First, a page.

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I’ve been researching my Ukrainian roots for the last eight years and information has often come to me in serendipitous and odd ways. I never met my grandparents and my father passed away in the 1980’s. Initially, all I had was a smattering of family stories, since my father’s family is very small. I stumbled across a valuable resource while attending a writing retreat in Banff a few months ago, when fellow writer, Carol Thornton, showed me this reference book:
Dictionary of Ukrainian Canadian Biography Pioneer Settlers of Manitoba 1891 - 1900
Although published in 1975, this Dictionary’s usefulness is timeless. The author, Vladimir Kaye, used basic historical documents covering the period 1891-1900, and then 1923, to present data in a unique way. He broke Manitoba down by district, keying in on locations with significant early Ukrainian immigration. Primary data sources included passenger lists, Manitoba land titles and death records. Passenger lists provide a wide variety of information (aside from ship name, date of arrival etc.), including marital status, village of origin, religion, ability to read or write, past and intended occupations, and amount of money brought to Canada.
Kaye noted the date when the farmer obtained patent for their farm (usually coinciding with date of naturalization, a.k.a. citizenship), and whether the family still occupied those farms in 1923. This would suggest whether the immigrant’s initial effort at homesteading was successful or not.
Ukrainians escaped from a feudal land system in Eastern Europe, thus, most owned only a subsistence amount of land before immigration. They typically worked as tenant farmers for rich Polish or Ukrainian estate owners, and in many years, could not produce enough food to feed their families. In Galicia, only about 15% of citizens received any type of education, infant and mother mortality was high, and farmers had little prospect of owning their own farms. They had lots of reasons to leave their homeland.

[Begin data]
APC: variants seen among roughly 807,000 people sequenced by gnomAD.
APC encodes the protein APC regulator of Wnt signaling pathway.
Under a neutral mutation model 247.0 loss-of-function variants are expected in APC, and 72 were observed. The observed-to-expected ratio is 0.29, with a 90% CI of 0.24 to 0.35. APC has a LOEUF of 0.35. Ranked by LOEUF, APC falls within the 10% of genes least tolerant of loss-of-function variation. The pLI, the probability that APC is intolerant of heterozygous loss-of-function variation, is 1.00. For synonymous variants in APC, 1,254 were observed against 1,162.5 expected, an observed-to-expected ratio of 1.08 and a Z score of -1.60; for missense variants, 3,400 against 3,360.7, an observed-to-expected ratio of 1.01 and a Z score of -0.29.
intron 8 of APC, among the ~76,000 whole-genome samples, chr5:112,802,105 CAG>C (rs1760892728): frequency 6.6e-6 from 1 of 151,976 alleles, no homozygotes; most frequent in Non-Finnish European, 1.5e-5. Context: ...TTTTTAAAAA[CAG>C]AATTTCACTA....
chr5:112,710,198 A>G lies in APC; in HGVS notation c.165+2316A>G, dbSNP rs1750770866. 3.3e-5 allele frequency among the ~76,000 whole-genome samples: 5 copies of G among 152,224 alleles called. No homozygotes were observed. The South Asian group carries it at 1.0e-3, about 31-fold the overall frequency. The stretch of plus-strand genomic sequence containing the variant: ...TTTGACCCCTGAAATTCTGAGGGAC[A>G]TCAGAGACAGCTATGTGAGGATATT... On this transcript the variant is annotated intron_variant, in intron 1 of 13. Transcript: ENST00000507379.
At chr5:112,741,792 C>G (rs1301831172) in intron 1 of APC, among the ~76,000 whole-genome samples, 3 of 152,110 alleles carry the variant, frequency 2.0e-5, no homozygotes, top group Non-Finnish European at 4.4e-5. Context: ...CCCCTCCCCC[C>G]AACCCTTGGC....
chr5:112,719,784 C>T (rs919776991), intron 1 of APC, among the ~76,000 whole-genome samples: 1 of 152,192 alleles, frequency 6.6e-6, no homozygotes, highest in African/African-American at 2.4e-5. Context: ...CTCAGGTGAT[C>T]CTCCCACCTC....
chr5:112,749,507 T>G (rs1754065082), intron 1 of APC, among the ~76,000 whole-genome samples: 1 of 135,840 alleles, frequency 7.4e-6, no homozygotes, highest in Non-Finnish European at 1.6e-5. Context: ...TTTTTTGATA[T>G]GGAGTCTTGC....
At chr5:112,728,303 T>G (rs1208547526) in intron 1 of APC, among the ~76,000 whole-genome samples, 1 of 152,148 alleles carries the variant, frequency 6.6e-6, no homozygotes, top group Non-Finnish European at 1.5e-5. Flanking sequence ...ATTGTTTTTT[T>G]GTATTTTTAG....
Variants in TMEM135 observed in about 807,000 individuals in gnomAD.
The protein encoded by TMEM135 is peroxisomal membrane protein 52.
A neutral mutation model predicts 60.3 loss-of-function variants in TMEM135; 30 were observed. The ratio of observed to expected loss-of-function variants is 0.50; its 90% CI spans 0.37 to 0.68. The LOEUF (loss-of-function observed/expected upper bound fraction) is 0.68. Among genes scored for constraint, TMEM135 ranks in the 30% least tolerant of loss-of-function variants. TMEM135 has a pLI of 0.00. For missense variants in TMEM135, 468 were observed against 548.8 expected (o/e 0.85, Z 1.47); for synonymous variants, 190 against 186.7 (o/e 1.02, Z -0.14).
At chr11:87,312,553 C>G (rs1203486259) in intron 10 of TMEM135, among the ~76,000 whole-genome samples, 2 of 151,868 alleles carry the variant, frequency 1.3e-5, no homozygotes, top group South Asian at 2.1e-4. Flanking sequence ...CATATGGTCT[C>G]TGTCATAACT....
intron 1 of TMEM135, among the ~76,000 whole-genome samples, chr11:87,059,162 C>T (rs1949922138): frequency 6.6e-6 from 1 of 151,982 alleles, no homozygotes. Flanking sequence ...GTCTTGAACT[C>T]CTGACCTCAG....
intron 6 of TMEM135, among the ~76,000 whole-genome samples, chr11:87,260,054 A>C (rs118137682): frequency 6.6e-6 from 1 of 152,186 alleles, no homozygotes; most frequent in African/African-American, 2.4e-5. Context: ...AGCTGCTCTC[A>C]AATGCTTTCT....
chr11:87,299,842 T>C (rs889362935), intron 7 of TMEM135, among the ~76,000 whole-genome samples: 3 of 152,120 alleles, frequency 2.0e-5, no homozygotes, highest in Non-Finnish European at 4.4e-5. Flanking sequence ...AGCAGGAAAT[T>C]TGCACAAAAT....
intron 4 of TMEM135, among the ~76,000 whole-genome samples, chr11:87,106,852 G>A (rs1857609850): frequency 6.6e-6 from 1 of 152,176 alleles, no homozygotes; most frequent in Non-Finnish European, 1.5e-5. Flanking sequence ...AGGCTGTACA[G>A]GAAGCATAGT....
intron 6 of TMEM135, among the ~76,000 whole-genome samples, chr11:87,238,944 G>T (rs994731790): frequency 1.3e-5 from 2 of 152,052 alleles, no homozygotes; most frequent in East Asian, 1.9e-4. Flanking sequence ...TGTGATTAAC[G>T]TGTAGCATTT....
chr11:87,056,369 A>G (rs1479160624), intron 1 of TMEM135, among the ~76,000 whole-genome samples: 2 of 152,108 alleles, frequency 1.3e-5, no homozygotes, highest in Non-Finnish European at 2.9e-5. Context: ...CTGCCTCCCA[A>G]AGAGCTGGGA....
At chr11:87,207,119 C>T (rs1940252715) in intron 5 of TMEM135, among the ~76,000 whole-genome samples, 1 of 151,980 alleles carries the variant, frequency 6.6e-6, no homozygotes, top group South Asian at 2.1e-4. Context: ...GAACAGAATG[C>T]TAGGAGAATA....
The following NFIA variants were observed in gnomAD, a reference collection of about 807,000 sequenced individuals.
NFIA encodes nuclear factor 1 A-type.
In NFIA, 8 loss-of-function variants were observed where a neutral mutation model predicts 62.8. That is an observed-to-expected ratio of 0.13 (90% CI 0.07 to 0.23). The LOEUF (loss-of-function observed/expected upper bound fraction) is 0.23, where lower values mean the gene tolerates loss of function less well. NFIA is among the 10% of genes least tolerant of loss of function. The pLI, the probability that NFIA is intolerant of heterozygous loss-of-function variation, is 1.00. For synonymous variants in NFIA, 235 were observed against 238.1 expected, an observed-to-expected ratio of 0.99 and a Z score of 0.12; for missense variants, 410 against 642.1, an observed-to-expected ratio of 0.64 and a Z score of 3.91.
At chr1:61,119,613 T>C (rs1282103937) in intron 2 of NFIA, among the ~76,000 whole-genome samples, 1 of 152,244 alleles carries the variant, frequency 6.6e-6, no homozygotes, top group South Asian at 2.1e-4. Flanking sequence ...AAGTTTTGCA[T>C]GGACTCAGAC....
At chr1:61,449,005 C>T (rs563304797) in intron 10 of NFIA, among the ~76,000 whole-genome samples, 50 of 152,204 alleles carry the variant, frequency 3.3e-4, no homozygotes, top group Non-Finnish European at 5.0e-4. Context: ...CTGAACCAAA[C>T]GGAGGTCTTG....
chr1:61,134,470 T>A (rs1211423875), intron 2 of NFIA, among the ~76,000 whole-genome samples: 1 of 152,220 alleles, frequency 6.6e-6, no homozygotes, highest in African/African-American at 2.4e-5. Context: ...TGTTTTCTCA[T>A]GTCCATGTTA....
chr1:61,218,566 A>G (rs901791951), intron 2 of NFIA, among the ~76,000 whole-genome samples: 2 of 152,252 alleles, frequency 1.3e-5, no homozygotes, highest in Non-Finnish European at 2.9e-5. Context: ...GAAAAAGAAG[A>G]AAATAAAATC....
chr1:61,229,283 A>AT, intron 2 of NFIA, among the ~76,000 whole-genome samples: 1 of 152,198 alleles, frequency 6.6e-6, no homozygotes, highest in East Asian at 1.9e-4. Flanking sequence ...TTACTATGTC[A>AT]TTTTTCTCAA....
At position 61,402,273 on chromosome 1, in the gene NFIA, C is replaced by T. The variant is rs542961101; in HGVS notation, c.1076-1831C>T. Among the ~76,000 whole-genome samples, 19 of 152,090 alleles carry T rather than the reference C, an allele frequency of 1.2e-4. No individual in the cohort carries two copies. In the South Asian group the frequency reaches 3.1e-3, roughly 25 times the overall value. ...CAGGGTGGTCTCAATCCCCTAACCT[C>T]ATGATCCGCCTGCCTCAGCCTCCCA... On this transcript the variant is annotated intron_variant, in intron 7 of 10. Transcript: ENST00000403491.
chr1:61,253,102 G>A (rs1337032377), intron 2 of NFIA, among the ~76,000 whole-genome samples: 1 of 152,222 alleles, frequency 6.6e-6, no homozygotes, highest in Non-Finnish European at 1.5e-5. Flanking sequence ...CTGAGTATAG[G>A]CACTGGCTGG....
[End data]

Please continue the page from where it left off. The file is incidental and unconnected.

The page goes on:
Ukrainians sometimes immigrated individually, but villagers often immigrated together. It had never occurred to me that my grandparents may have been attracted to the Mountain Road District because of ancestral village kinship with others. This was because my grandfather, Wasyl Nykoluk, worked for the CNR railway in Sioux Lookout, Ontario for many years after his arrival in 1914. My grandmother, Anne and he were finally reunited in Superior Lot near Sioux Lookout in 1923, and their daughter Mary subsequently went to school there.
The name of my grandparent’s ancestral village was Melnytsya Podilska, which is located near the Dniester River in the Borshchiv District, western Ukraine. My father recorded this in a community history document he wrote in the 1970’s. This was also the place of origin recorded on my grandfather’s 1914 passenger list. My grandmother’s birthplace was Vilkhovec, a nearby village.
My grandparents were separated for nine years during WW1 because my grandfather came to Canada just months before WW1 was declared; communication ceased between (the then enemy) Austria and Canada until the war ended. A few years after they were reunited in 1923, they attempted to farm in the Interlake District. This farm failed due to lack of roads and flooding. They went to stay with friends in the Polonia-Mountain Road District later in the 1920’s, and attempted to farm there, until 1930, when they moved to a third farm situated between the towns of Riding Mountain and Birnie, Manitoba. This farm was 16 miles away from Mountain Road by horse and buggy.
Why were my grandparents attracted to the Mountain Road District? I had always thought that it was a rather random affair, or that my grandmother was attracted by the presence of the Mountain Road Ukrainian Catholic Church, since she was known to be very religious. However, the data presented in Kaye’s book revealed that perhaps my grandparents also chose this District for ancestral kinship reasons.